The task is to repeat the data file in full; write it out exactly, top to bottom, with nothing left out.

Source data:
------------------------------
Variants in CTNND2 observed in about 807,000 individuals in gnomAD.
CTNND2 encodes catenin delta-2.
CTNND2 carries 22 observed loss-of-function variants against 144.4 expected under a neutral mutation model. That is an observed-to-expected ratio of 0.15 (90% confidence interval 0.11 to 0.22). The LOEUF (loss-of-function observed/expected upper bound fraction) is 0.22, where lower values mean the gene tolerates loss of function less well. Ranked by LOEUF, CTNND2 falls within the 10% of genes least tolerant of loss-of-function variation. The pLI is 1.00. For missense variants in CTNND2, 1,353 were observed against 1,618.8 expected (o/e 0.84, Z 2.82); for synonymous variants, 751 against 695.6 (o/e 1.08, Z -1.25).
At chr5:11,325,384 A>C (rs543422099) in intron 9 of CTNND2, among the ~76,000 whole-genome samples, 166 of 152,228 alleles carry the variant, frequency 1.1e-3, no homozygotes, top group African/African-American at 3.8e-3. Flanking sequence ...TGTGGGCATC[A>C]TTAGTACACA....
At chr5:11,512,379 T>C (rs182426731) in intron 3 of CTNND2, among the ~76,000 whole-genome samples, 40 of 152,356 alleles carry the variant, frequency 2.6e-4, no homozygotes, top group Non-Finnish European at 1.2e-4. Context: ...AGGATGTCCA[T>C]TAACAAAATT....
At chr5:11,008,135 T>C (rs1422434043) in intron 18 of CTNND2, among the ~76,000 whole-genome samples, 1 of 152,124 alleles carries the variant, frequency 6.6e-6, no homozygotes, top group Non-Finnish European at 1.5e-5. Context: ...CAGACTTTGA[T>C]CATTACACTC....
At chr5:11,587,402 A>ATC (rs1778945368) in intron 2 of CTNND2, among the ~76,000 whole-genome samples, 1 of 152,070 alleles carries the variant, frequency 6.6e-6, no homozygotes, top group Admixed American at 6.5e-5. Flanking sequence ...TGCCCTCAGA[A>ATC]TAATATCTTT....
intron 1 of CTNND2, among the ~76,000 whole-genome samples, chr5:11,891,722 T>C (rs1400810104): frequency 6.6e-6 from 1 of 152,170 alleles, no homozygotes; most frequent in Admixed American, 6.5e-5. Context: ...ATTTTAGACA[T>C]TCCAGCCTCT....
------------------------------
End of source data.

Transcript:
Variants in CTNND2 observed in about 807,000 individuals in gnomAD.
CTNND2 encodes catenin delta-2.
CTNND2 carries 22 observed loss-of-function variants against 144.4 expected under a neutral mutation model. That is an observed-to-expected ratio of 0.15 (90% confidence interval 0.11 to 0.22). The LOEUF (loss-of-function observed/expected upper bound fraction) is 0.22, where lower values mean the gene tolerates loss of function less well. Ranked by LOEUF, CTNND2 falls within the 10% of genes least tolerant of loss-of-function variation. The pLI is 1.00. For missense variants in CTNND2, 1,353 were observed against 1,618.8 expected (o/e 0.84, Z 2.82); for synonymous variants, 751 against 695.6 (o/e 1.08, Z -1.25).
At chr5:11,325,384 A>C (rs543422099) in intron 9 of CTNND2, among the ~76,000 whole-genome samples, 166 of 152,228 alleles carry the variant, frequency 1.1e-3, no homozygotes, top group African/African-American at 3.8e-3. Flanking sequence ...TGTGGGCATC[A>C]TTAGTACACA....
At chr5:11,512,379 T>C (rs182426731) in intron 3 of CTNND2, among the ~76,000 whole-genome samples, 40 of 152,356 alleles carry the variant, frequency 2.6e-4, no homozygotes, top group Non-Finnish European at 1.2e-4. Context: ...AGGATGTCCA[T>C]TAACAAAATT....
At chr5:11,008,135 T>C (rs1422434043) in intron 18 of CTNND2, among the ~76,000 whole-genome samples, 1 of 152,124 alleles carries the variant, frequency 6.6e-6, no homozygotes, top group Non-Finnish European at 1.5e-5. Context: ...CAGACTTTGA[T>C]CATTACACTC....
At chr5:11,587,402 A>ATC (rs1778945368) in intron 2 of CTNND2, among the ~76,000 whole-genome samples, 1 of 152,070 alleles carries the variant, frequency 6.6e-6, no homozygotes, top group Admixed American at 6.5e-5. Flanking sequence ...TGCCCTCAGA[A>ATC]TAATATCTTT....
intron 1 of CTNND2, among the ~76,000 whole-genome samples, chr5:11,891,722 T>C (rs1400810104): frequency 6.6e-6 from 1 of 152,170 alleles, no homozygotes; most frequent in Admixed American, 6.5e-5. Context: ...ATTTTAGACA[T>C]TCCAGCCTCT....